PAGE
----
Everywhere on campus, the impact of the music program is increasing at a breakneck pace. As more students get involved in events and performances around the school — from showcase night to open mics — the general capability increases, with members from the seasoned students to the fresh blood learning nonstop. Hopefully, this trend continues for years to come.

Lion-ing Up for Lunch

New MUS Cafe and Lunch Area Spark Gustatory Adventures 

By Alexandra Wellman (’23)

Standing in line to purchase hot lunch, Jessica Podolsky (‘20) tries to peek through the swarm of people to see what’s on the menu, ready to get her hands on the day’s meal. “I love how convenient it is to get lunch here,”  Jessica states, adding how “ it’s not only easy to just swing by and pick it up but it’s also delicious.”

This year the SDJA hot-lunch has had a major influx of hungry customers. Why? Because, thanks to the new Lion’s Cafe, the lunch experience has been changed for the better.

In past years, students had to walk from the upper school to the lower school playground to pick up their hot lunches. This process took precious time out of students’ short break. Upon arriving at SDJA, Executive Chef Giselle Wellman, took it upon herself to change the hot lunch experience in the Maimonides Upper School.  Just two years later, the Lion’s Café opened to the hungry Lions in the upper school. 

The new Lions Café was the perfect solution to students’ lunch problems.

However, the success of the Lion’s Cafe has not come without hardship. The new café brought the challenge of more students coming in to receive lunch every day. “I’m a lot busier this year moving food from one kitchen to the other but it feels great to be able to feed more people,” Giselle Wellman shared.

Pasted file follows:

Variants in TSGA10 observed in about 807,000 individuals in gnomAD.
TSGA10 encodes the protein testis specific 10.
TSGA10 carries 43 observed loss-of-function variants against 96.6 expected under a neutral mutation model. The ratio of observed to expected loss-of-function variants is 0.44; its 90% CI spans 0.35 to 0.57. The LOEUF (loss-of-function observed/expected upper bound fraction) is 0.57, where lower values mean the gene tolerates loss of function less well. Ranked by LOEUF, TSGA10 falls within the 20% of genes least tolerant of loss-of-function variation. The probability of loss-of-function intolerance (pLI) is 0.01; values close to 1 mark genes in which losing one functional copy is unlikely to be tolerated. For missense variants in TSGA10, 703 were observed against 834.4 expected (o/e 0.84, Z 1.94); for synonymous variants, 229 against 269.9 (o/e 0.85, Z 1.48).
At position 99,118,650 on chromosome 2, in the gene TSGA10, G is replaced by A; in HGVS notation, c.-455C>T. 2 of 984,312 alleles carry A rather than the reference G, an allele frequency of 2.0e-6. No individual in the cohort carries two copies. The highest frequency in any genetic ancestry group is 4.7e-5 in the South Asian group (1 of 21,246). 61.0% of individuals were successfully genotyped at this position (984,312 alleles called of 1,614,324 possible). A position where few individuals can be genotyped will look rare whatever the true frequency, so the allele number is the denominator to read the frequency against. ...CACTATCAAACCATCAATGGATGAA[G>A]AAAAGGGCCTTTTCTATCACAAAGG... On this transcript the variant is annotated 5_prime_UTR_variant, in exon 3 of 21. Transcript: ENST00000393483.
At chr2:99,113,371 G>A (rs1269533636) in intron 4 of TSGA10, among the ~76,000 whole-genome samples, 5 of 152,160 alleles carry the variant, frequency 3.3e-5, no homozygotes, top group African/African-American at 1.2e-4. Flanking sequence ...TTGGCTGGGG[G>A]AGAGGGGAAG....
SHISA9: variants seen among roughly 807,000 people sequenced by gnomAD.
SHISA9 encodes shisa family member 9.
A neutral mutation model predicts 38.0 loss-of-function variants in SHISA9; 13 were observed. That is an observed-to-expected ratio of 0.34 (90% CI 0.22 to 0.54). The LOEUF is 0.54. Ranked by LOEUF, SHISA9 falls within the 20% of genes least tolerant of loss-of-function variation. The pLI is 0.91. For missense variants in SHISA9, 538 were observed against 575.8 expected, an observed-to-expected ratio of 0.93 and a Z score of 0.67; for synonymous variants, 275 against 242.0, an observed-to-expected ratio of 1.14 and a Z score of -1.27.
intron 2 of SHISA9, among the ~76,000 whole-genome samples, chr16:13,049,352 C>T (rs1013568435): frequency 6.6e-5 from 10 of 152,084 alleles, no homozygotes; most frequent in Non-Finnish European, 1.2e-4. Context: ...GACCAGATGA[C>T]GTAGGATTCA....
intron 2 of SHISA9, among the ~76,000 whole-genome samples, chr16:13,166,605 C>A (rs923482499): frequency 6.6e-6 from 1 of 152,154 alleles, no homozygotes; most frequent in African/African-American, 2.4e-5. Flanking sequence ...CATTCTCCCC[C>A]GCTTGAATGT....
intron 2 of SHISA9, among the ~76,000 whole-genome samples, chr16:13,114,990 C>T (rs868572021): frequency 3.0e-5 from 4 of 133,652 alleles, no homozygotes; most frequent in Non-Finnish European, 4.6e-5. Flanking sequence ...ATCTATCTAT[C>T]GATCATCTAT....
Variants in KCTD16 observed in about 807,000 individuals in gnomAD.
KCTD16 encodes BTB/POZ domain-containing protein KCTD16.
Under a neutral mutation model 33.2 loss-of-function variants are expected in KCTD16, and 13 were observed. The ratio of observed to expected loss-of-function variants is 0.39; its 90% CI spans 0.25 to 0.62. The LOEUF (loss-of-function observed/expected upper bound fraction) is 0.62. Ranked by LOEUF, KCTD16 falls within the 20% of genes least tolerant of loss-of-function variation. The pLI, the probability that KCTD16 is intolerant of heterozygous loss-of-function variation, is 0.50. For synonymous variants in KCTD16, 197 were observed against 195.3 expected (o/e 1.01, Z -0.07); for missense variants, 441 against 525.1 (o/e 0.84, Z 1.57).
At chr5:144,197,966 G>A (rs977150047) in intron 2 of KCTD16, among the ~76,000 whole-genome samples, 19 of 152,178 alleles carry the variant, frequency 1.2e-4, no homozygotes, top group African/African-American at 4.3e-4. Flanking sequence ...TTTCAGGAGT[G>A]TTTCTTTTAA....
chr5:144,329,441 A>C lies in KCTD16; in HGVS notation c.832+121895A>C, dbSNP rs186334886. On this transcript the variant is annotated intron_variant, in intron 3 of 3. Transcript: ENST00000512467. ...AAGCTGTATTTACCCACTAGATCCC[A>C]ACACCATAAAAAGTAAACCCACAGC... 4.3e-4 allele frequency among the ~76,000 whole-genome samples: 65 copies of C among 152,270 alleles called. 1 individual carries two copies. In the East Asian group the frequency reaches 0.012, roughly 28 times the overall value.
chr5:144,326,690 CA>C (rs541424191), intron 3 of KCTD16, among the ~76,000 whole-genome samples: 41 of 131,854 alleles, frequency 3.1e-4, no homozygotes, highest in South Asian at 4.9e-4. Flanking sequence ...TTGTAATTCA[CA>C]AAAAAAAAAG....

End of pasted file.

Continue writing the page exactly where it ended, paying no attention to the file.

With the shortened wait time and easy access to the café, more students choose to buy lunch. However, the increase of students has made it harder to keep track of each person who walked in the door. The solution? Each student now has a PIN number which they type into a computer before selecting their meal. 

Which, of course, brings its own technological difficulties. 

Although it may sound simple, memorizing a PIN number does not top the list for most students. Mrs. Anna Falkiewicz, MUS Dean of Students, who helps out at the Lions Café every day, expressed that it was definitely frustrating at first to have to remind students of their PIN every day. Despite the difficulties, every student who remembers their PIN number means faster food for everyone else. 

Although there have been some twists and turns along the way, there is one thing the Lions Café has definitely done right–the food! For example, students all know that Wednesdays are pizza days, lining up ahead of time pouring in as soon as lunch starts. 

When asked about past meals she has enjoyed at the Lions’ Café, Noa Rosenbaum (’23) says, “I am never disappointed by the food. Regardless of what is served, it is always delicious.” 

Bringing the school healthy lunches has been the main goal for the Lions Café. Ms. Wellman explains that, “Just because it tastes good doesn’t mean it has to be unhealthy. I always try to incorporate fruits, vegetables, and healthy ingredients into the lunches for the students.” One of the delicious meals that exhibits this perfectly is a campus favorite: butternut squash macaroni and cheese. “Yes! It’s mac and cheese day” students excitedly whisper in class rooms, hallways, and all around school. Diego Kohan (’22), already excited for the next one, says “I honestly never knew it had butternut squash! I think it’s great to know that the delicious lunch that I eat all the time is good for me, too.”

 

Eitan Breziner and Chicken Fingers

Eitan Breziner (’20) savors every bite of his chicken fingers and potato wedges . 

Photo by Alexandra Wellman (’23)